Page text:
The won rose the most in a week against the dollar as a manufacturing slowdown in the U.S. damped speculation the Federal Reserve will rein in monetary stimulus. South Korea’s government bonds advanced.
The Dollar Index dropped for a fourth day, the longest losing streak in two months, after data yesterday showed factory output in the world’s largest economy expanded in March at the slowest pace this year. The won weakened 2.6 percent in March, the biggest monthly drop since May 2012, as increased risk of conflict with North Korea and a worsening economic outlook prompted overseas investors to cut their holdings of Korean stocks by $1.9 billion.
The won was 0.3 percent stronger at 1,111.01 per dollar as of 10:42 a.m. in Seoul, according to data compiled by Bloomberg. One-month implied volatility in the currency, a measure of expected moves in the exchange rate used to price options, fell 30 basis points, or 0.30 percentage point, to 7.57 percent. Against the yen, the won dropped 0.5 percent to 11.94, trimming its gain for the past six months to 19 percent.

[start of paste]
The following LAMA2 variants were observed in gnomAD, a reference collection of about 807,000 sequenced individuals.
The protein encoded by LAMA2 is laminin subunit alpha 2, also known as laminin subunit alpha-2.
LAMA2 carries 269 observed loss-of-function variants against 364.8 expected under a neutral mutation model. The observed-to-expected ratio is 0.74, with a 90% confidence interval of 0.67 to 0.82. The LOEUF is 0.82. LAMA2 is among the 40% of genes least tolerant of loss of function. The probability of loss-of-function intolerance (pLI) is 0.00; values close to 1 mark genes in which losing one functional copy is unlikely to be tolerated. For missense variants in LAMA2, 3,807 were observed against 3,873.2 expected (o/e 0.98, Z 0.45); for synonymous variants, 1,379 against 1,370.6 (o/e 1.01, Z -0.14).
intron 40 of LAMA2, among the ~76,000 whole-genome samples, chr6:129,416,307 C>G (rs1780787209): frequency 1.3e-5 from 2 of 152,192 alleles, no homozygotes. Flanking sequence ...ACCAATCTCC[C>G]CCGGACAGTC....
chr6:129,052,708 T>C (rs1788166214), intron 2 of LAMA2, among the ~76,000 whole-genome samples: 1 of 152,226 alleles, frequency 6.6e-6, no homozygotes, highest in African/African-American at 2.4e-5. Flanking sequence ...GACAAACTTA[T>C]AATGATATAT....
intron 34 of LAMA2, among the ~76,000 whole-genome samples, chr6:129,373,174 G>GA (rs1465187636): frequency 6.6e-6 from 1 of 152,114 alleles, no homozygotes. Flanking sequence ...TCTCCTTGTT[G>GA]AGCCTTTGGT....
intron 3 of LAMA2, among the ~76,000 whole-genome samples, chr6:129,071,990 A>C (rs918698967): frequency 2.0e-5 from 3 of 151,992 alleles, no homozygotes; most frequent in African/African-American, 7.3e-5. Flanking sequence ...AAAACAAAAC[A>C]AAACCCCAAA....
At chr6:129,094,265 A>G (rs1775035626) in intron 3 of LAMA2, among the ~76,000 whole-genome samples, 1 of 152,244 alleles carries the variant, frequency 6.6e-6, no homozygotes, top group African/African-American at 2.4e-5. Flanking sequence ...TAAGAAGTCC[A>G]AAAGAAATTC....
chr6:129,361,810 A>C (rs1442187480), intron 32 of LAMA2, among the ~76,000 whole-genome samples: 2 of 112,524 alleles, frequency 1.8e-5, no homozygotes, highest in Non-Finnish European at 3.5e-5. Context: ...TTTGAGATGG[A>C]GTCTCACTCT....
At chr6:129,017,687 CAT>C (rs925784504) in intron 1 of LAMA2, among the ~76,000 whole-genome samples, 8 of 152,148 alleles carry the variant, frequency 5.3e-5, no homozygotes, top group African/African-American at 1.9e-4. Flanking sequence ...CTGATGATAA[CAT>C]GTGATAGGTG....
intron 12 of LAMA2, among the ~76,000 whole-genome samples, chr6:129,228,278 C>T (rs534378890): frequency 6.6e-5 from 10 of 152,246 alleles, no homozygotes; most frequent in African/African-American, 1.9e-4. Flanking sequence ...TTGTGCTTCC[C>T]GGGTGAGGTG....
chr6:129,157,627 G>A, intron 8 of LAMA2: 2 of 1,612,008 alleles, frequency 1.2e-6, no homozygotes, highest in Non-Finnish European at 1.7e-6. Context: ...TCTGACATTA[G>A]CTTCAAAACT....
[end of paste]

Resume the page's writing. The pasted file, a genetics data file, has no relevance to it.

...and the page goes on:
“The U.S. outlook looks weak, prompting investors to sell dollars,” said Hong Seok Chan, an analyst at Daishin Economic Research Institute in Seoul. “Investors will also watch the won’s gains against the yen as an excessive rise could prompt the authorities to take steps.”
South Korea will monitor the effects of foreign exchange movements on exporters at all times, the finance ministry said yesterday. The government offered 100 billion won ($90 million) in loans to small exporters hurt by the yen.
North Korea said on March 30 that a “state of war” exists with the South and threatened to shut a jointly run industrial zone in its border city of Gaeseong. Kim Jong Un, the communist state’s leader, said March 31 nuclear weapons development is a priority as the country ratcheted up tensions by repeating threats to attack the U.S.
The yield on South Korea’s 2.75 percent bonds due March 2018 dropped one basis point to 2.56 percent, according to prices from Korea Exchange Inc. The five-year yield reached 2.51 percent on March 29, the lowest it has been in Bloomberg data going back to 2000, amid a worsening economic outlook.
The government lowered its 2013 growth forecast on march 28 to 2.3 percent from a December projection of 3 percent.
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